New York residents may know that medication errors are a leading cause of patient harm in the United States, and that they are often fatal. To combat the problem, pharmacists are using special software to help identify these mistakes before they occur.
When a child dies, it's always a tragedy not only for the parents but for the community as well. But when a child dies because of someone else's negligence, grief is oftentimes accompanied by anger and the gut-wrenching question, "Could anything have been done to prevent the tragedy?"
Medication errors can occur because of negligence in a hospital, clinic, or pharmacy. However, there are also many cases in which patients suffer serious outcomes from medication errors that they have made on their own. It is important to be aware of these errors to avoid the chance of overdose or other serious complications.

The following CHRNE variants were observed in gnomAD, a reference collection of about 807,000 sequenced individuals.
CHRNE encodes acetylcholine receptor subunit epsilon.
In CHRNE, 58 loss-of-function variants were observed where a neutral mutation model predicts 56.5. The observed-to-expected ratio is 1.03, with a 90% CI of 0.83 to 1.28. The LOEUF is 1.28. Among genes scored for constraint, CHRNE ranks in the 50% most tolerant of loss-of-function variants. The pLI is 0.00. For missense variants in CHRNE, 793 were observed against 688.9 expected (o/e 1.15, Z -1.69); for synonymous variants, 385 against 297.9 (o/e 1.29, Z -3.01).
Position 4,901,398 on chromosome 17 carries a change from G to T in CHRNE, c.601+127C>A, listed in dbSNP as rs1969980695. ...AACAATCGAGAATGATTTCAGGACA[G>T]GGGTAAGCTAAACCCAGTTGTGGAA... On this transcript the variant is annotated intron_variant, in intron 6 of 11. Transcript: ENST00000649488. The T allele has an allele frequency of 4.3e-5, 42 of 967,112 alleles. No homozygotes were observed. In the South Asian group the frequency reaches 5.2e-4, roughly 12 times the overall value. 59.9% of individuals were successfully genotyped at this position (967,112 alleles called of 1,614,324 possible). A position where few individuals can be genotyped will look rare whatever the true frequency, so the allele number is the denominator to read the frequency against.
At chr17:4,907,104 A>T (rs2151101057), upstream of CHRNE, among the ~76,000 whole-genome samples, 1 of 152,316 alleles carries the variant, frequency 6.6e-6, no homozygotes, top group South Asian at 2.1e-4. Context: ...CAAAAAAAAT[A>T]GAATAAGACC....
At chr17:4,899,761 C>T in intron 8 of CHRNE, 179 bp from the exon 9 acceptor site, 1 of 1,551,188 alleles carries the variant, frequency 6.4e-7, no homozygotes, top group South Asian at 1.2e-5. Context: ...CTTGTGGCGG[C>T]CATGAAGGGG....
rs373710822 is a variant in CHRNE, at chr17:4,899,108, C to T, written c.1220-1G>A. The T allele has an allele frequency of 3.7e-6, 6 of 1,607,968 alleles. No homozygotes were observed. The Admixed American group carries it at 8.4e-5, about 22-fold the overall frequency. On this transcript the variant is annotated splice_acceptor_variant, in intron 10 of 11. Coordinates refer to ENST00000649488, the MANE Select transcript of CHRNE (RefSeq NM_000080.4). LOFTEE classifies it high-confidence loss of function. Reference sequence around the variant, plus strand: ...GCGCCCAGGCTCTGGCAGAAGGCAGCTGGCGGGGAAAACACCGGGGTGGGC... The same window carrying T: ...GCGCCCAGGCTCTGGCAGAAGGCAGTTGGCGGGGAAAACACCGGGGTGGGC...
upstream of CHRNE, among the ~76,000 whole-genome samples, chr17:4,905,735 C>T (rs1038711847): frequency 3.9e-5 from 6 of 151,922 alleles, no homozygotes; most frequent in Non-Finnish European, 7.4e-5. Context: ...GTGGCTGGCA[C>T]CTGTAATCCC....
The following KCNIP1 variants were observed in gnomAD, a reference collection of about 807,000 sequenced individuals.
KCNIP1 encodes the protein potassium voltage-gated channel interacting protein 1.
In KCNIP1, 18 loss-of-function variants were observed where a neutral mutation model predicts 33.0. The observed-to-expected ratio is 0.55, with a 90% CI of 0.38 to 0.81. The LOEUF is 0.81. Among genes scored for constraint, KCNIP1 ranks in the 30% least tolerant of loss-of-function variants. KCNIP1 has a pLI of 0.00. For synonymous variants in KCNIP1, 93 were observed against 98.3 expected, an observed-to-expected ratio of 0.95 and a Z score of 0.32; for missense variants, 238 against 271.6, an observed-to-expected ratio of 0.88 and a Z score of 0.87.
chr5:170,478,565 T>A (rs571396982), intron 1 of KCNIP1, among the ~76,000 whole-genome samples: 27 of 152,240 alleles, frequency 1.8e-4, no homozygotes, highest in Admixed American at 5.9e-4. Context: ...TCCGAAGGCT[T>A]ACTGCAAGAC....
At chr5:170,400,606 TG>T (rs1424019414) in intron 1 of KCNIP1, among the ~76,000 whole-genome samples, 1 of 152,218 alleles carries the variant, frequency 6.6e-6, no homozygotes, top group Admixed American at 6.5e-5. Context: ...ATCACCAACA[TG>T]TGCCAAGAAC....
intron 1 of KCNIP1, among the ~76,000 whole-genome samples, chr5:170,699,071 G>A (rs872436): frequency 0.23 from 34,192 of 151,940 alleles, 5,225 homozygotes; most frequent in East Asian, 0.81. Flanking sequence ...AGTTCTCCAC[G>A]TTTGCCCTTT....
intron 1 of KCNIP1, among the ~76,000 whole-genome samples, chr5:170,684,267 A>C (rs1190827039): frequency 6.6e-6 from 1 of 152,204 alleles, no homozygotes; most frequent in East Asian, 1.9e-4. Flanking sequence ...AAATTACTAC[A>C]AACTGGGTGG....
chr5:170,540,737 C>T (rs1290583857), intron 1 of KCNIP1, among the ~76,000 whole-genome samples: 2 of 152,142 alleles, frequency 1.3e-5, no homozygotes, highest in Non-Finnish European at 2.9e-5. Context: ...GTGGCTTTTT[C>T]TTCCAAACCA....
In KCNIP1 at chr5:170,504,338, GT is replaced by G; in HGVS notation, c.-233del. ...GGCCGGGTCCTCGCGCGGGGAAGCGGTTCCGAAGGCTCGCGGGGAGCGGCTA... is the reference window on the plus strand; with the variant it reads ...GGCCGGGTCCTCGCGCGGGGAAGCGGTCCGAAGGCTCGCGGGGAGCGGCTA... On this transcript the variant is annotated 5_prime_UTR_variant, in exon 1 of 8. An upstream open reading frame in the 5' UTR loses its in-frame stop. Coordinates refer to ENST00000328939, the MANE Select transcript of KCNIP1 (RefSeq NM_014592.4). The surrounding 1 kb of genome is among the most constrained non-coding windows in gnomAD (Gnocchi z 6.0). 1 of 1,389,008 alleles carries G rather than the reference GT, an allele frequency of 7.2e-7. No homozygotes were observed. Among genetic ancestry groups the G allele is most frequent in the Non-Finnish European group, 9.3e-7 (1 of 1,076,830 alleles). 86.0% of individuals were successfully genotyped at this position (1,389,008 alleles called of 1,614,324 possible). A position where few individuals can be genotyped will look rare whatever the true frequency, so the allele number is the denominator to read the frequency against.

A physician might prescribe clonidine, an antihypertensive medication, to treat high blood pressure. The medication is also used to treat children dealing with ADHD. However, a numerical error resulting in an 8-year-old Colorado boy receiving 1,000 times the appropriate dose may have contributed to his death on June 8, 2016.
New York paramedics often have to work in less than perfect conditions, make snap decisions and act quickly, so medication mistakes can occur. Medication errors are defined by the Center for Drug Evaluation and Research as preventable events that lead to patient harm or inappropriate use of medications. These errors can arise from a variety of causes, including product labels, distribution and lack of education.